from Wiktionary, Creative Commons Attribution/Share-Alike License
- v. To remove ruffles from; to make smooth.
from the GNU version of the Collaborative International Dictionary of English
- intransitive v. To cease from being ruffled or agitated.
from The Century Dictionary and Cyclopedia
- To cease from being ruffled or agitated; subside to smoothness.
It is difficult not to chuckle in mordant fashion as the Obama spokespeople unruffle their lace cuffs and sniff at the ungentlemanly conduct of the Republican swine.
"If people's feathers got ruffled, we want to unruffle them."
Trying to unruffle my feathers and thinking of a rejoinder.
I know you are right Your Snarkiness, but your ability to tip your hat to the publishing industry didn't do much to unruffle my feathers.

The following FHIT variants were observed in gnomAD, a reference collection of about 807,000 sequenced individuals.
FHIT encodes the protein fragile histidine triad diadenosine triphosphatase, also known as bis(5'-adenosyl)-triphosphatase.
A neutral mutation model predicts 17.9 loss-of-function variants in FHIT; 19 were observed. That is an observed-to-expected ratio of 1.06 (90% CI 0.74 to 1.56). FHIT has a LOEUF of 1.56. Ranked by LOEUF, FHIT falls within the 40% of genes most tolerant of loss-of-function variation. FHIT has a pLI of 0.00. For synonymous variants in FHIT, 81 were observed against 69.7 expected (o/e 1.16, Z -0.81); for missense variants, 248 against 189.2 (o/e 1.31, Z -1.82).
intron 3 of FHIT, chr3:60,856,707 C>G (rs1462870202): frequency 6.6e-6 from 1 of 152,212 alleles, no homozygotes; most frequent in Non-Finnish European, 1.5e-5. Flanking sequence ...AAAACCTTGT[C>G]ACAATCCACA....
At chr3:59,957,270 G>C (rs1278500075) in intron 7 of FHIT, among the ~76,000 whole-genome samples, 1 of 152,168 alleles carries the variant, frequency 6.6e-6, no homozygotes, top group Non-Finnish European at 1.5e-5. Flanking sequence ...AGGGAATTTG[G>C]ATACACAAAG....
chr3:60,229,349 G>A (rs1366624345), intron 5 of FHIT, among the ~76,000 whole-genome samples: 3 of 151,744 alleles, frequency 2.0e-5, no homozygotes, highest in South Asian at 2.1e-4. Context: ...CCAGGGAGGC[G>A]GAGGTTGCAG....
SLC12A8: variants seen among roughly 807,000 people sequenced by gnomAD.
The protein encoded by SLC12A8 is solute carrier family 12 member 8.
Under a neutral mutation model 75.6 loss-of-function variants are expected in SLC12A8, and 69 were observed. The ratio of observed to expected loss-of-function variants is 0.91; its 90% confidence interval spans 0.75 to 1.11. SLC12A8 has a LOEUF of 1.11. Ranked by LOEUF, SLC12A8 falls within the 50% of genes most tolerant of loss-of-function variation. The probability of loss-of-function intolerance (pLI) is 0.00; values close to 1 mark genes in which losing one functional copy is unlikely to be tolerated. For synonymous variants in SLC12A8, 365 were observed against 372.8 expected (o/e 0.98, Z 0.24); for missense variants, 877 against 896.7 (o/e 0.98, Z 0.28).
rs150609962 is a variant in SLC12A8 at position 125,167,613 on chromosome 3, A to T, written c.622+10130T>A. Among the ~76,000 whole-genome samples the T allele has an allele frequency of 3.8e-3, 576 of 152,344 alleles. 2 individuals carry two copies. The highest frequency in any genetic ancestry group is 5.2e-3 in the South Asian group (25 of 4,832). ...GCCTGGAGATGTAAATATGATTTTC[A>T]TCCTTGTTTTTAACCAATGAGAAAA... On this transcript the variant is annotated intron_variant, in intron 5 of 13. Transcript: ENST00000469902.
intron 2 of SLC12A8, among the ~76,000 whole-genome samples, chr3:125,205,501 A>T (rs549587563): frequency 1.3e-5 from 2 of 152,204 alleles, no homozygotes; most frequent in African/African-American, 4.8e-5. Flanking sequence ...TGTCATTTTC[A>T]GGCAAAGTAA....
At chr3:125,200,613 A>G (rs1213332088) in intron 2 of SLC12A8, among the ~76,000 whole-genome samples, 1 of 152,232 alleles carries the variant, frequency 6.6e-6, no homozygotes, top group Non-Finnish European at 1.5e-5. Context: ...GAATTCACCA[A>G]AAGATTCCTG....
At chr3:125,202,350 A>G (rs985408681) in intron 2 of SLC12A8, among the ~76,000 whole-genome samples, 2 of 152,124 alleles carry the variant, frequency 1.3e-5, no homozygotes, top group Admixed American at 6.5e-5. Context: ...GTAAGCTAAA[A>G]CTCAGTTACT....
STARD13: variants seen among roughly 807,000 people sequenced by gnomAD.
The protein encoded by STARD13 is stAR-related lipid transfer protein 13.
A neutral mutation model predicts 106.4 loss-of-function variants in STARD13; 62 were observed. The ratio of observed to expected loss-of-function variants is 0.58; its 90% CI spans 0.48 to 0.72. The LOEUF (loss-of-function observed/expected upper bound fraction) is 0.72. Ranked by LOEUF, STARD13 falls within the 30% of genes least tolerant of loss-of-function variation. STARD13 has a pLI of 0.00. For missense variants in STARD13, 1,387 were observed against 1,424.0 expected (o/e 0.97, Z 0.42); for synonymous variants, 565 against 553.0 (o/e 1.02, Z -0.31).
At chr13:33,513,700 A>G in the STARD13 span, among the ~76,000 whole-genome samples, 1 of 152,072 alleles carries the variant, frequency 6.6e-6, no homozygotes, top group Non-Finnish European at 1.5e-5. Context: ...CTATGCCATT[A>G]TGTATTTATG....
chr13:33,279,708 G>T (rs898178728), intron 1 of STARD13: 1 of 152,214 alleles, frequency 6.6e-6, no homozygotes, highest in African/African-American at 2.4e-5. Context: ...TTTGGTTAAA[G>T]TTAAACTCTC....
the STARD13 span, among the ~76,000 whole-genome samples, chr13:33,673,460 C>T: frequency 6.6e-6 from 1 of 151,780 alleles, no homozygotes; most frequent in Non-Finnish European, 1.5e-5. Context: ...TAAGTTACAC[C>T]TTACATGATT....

There's an effort on Capitol Hill to try to unruffle some feathers.
Listen to me, dear little father, unruffle that frowning brow and reckon, you can do so without trouble, not with pebbles, but on your fingers, what is the sum-total of the tribute paid by the allied towns; besides this we have the direct imposts,
Tom was packed in ten minutes, all except what his aunt and Mary would finish up for him; then we waited ten more for her to get cooled down and sweet and gentle again; for Tom said it took her ten minutes to unruffle in times when half of her feathers was up, but twenty when they was all up, and this was one of the times when they was all up.
Prokofy Neva: today I literally spent 2 hours trying to unruffle tenants, get land and stuff back to normal, it was awful
I'm brewing some chai tea to unruffle our liberal feathers.
Some people in Britain eventually realized this as well, but by then it was too late to unruffle the colonists’ feathers.
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